Six Ingenious American Cocktails for July 4th

From layers of red, white and blue to Italian-American shandies to rebel-spirited punches, these drinks are what classic American ingenuity is all about.

Shots and Stripes Forever: Old Glory in a glass. [Recipe]

Americano Perfecto: An Italian comes to America. [Recipe]

Southern Border: The Pisco Sour's star-spangled cousin. [Recipe]

Spirit of '76: A heady colonial punch. [Recipe]

The Brave: Texas's most daring drink. [Recipe]

USS Bomber: Anchors aweigh. [Recipe]

America’s celebration of Independence Day is nothing short of extravagant. From fireworks to sparklers to star-spangled bikinis, America likes its birthdays to be loud and spectacular. And these six Fourth of July cocktails are nothing short of either.

For years, serious cocktailians have eschewed the absurdity of technicolor ingredients, but recently many bartenders have become endeared to the kitschiness of blue Curaçao, an orange liqueur from the Caribbean island of Curaçao—especially when July 4th rolls around. New York City bartender Pamela Wiznitzer uses it to dye her Pisco Sour riff bright cerulean blue, and to create her red-white-and-blue layered Shots and Stripes Forever, a gin sour of sorts. Similarly, Maxwell Britten of Maison Premiere builds his USS Bomber, a flag-colored absinthe-coconut swizzle, using Curaçao and Peychaud’s bitters to create the affect of standing on a ship deck in some tropical port.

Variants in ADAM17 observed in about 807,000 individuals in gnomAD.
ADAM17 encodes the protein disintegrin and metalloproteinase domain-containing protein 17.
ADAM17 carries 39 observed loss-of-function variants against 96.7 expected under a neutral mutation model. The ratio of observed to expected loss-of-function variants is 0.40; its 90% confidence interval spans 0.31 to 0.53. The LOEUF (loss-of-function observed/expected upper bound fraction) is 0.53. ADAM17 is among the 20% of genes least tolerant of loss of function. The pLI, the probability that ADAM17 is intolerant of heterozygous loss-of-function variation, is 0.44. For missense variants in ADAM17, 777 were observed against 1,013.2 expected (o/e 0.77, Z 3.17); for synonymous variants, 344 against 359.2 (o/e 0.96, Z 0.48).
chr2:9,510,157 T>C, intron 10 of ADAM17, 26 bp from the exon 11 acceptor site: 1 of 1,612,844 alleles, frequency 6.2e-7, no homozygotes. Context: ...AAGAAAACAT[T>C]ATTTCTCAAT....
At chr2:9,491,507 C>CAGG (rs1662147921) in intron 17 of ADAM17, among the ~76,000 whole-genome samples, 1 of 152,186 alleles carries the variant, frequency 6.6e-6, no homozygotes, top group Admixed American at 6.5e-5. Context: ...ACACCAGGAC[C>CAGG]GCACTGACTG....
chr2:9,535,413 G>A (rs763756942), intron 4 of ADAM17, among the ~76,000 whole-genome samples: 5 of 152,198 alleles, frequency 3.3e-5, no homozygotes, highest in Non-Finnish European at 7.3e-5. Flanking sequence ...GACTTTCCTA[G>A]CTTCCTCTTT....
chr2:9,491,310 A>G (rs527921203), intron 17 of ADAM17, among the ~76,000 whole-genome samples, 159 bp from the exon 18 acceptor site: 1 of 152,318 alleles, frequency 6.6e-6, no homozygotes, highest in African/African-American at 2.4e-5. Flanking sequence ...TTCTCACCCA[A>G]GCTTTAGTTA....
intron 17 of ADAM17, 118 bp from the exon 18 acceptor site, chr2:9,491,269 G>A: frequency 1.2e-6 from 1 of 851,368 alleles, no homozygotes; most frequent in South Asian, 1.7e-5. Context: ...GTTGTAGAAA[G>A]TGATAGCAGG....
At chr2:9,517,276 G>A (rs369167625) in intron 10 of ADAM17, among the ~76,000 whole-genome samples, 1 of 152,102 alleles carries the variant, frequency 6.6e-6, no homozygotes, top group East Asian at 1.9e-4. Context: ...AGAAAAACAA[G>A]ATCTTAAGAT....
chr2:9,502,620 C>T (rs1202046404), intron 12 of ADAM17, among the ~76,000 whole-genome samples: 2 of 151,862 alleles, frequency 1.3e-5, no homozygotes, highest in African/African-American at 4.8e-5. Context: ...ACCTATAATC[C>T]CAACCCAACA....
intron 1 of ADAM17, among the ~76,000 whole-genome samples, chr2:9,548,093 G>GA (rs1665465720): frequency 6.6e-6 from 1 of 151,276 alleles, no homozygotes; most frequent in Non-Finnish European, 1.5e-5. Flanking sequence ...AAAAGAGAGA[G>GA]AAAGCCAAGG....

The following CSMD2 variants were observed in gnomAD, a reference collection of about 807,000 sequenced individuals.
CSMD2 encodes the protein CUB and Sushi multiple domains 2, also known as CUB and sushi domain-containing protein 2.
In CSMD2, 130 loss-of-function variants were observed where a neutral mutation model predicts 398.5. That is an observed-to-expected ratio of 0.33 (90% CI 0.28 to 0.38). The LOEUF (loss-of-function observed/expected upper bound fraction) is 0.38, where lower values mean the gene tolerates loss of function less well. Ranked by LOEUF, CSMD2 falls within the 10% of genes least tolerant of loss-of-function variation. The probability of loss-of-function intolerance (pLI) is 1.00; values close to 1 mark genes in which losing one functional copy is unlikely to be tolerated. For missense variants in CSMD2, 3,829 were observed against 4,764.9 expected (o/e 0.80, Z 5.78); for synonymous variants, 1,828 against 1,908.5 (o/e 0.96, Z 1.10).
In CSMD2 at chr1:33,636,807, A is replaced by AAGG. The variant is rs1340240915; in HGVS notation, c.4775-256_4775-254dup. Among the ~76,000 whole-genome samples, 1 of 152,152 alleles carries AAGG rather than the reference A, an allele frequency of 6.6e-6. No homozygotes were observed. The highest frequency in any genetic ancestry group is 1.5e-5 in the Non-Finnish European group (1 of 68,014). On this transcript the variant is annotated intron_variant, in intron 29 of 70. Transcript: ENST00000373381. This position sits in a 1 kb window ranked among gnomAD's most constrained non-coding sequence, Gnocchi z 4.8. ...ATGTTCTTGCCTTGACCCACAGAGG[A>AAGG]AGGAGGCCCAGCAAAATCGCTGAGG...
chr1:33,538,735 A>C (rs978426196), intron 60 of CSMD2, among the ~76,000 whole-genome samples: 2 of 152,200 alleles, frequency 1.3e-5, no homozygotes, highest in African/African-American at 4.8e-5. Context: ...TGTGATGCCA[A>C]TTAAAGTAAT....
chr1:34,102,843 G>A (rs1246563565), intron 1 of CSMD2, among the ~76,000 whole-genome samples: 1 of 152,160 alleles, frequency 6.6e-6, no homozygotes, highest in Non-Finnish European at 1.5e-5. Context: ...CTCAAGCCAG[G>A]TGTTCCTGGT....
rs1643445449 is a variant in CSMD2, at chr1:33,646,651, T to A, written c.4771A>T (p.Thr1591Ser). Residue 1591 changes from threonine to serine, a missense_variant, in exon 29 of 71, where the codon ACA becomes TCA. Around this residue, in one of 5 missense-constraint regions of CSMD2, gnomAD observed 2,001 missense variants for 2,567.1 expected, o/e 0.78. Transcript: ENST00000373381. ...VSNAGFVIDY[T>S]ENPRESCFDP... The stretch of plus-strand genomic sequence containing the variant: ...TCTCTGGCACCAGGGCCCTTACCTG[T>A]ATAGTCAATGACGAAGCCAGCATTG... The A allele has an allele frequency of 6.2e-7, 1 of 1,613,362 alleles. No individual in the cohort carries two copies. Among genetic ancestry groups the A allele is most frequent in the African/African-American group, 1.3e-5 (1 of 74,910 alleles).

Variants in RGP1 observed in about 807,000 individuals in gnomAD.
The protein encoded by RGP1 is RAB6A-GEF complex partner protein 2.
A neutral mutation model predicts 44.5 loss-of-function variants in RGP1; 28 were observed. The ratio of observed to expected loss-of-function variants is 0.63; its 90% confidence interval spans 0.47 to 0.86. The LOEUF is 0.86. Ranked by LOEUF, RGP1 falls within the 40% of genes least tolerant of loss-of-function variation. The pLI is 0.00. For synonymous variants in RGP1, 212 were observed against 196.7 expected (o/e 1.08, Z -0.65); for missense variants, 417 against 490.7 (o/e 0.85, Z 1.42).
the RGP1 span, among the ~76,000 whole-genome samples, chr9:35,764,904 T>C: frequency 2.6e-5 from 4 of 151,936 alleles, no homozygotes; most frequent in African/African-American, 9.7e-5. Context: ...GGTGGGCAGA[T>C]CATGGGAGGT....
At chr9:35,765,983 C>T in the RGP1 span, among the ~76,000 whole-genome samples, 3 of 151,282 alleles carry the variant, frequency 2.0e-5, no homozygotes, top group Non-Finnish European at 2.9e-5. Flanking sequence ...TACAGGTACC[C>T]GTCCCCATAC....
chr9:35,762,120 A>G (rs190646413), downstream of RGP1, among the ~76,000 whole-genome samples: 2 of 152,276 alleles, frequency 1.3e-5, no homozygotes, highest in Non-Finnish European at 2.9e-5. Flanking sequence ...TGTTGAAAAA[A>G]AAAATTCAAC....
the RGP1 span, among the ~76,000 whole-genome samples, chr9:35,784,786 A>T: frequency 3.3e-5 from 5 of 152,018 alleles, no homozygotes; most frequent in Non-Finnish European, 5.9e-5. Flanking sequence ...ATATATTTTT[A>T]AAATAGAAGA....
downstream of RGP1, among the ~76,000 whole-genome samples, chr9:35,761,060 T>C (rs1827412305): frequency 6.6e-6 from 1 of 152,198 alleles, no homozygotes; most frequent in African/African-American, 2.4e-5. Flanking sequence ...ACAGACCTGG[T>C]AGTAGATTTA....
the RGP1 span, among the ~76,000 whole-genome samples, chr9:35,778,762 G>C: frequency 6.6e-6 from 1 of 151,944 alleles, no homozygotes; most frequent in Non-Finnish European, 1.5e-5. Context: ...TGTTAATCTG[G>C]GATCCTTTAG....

Other Old Glory inspired drinks are less about stripes and stars, and more about the idea of American inventiveness. The Spirit of ’76 at Prime Meats is a colonial punch that employs all the favorite spirits of young America—Applejack, Caribbean rum and rye whiskey—and is topped with an ever-patriotic Bicentennial flag toothpick. At Anvil in Houston, The Brave rebelliously defies all concepts of a traditional cocktail with a bitter-spicy mix of mezcal, tequila and amaro served room temperature with a flashy flamed orange peel garnish. Lastly, New York City bartender Damon Boelte’s Americano Perfecto transforms the traditional Italian aperitif by replacing soda water with pilsner beer resulting in a bittersweet shandy.

That’s classic American ingenuity hard at work.

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